After Connie and Robert returned to the cemetery in the car, Darrell asked her to open the trunk, where he put his shirt. Connie, Robert, and Darrell then went to Mike Magby's house, where Darrell asked Robert to get him another shirt. Inside Mike Magby's house, Darrell took a knife and cut his thumb and smeared his own blood on his pants. As Robert was getting in his truck to leave, Darrell Sheridan said to him, "If you have any trouble with Coker, tell him you'll get him." Robert replied, "No, I won't do that, I won't have to." Darrell then said, "Well, just tell him I will."

Robert returned to his own house but would not tell Cherie where her sister was.

*775 Immediately after this, Mike Coker reached Cherie's house, and Cherie and Mike then went out to the cemetery. After a short search, they found Laurie Ann Brown stabbed to death on the road to the cemetery. Laurie Ann received multiple injuries including stab wounds to her neck, face, forehead, jaw, right upper chest, arm, and back. Both hands had multiple defensive stab wounds. Laurie Ann was approximately six months pregnant with Mike Coker's child.

Later that night, Darrell and Connie took Darrell's clothes to the Arkansas River where they burned them.

There was conflicting evidence regarding the knife which was the actual murder weapon. Testimony at trial revealed that a large hunting knife was stuck into the wood frame over the inside front door of Laurie Ann's house and that, upon entering the house, Connie took this knife down. However, Darrell testified that he took this knife away from Connie and threw it down on a couch inside the house.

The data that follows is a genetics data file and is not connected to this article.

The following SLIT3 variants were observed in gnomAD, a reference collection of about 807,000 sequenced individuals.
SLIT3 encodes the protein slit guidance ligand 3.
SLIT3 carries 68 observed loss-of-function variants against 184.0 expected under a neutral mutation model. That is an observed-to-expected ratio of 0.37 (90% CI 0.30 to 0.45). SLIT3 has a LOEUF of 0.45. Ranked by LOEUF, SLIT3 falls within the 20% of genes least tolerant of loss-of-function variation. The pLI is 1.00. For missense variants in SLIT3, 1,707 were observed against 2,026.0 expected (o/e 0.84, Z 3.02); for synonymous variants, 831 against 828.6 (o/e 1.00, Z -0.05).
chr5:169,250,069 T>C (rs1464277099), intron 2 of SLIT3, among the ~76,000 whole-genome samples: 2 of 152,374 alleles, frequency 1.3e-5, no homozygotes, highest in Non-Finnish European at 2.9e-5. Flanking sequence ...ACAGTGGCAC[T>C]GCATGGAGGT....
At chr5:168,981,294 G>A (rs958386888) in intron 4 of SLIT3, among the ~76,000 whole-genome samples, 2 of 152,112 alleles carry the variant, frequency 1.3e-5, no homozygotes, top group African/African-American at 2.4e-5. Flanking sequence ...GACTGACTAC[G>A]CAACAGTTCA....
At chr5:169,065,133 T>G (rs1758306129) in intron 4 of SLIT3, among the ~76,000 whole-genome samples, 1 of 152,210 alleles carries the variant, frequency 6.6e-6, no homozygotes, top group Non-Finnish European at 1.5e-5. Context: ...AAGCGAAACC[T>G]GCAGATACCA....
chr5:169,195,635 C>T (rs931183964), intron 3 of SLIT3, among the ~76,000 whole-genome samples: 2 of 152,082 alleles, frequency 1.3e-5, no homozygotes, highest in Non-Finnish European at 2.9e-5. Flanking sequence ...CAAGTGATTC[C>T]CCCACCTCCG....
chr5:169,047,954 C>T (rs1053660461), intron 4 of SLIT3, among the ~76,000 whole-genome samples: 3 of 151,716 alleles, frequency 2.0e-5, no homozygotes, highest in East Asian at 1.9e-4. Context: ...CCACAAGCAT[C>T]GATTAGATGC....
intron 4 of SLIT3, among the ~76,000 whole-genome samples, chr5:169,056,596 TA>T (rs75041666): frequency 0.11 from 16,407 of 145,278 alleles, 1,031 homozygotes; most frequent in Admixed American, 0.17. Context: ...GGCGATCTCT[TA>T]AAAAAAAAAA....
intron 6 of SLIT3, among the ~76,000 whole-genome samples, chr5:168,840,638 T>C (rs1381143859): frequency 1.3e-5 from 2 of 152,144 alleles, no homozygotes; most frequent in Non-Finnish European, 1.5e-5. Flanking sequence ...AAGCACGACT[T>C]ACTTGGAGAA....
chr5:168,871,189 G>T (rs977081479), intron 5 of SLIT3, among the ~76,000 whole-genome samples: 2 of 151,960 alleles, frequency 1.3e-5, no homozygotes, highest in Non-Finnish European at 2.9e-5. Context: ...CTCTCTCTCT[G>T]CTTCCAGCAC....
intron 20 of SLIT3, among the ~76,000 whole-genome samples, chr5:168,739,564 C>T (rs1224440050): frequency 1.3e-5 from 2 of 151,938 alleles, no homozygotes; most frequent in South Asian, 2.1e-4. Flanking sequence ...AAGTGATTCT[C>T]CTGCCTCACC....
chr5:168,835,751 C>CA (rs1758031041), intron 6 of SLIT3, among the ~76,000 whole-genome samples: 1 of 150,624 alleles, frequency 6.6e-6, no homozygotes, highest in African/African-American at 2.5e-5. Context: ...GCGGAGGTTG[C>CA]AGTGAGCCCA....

Another knife came up when Cherie Brown testified that Darrell "flashed" a knife at her at Robert Sheridan's apartment upon first arriving in Benton the night of the murder when Darrell alluded to killing Mike Guynn. Darrell positively identified this knife at trial as the same knife he had shown Cherie the night of the murder and as the same knife he gave the police through his attorney after his arrest, although this knife was not positively linked to the crime by police testing. Also, although Darrell stated that he did not have a knife with him, Mike Coker testified that he saw Darrell with a knife in his hand when he got out of the car with Laurie Ann at the China Grove Cemetery.

Finally, when questioned about where the murder weapon came from, Darrell testified that Laurie Ann brought her own knife to the cemetery which she hid on her person. It was her knife which Darrell said slit her throat. Although it was never recovered by a police search, Darrell testified that he threw this knife into the woods after the killing.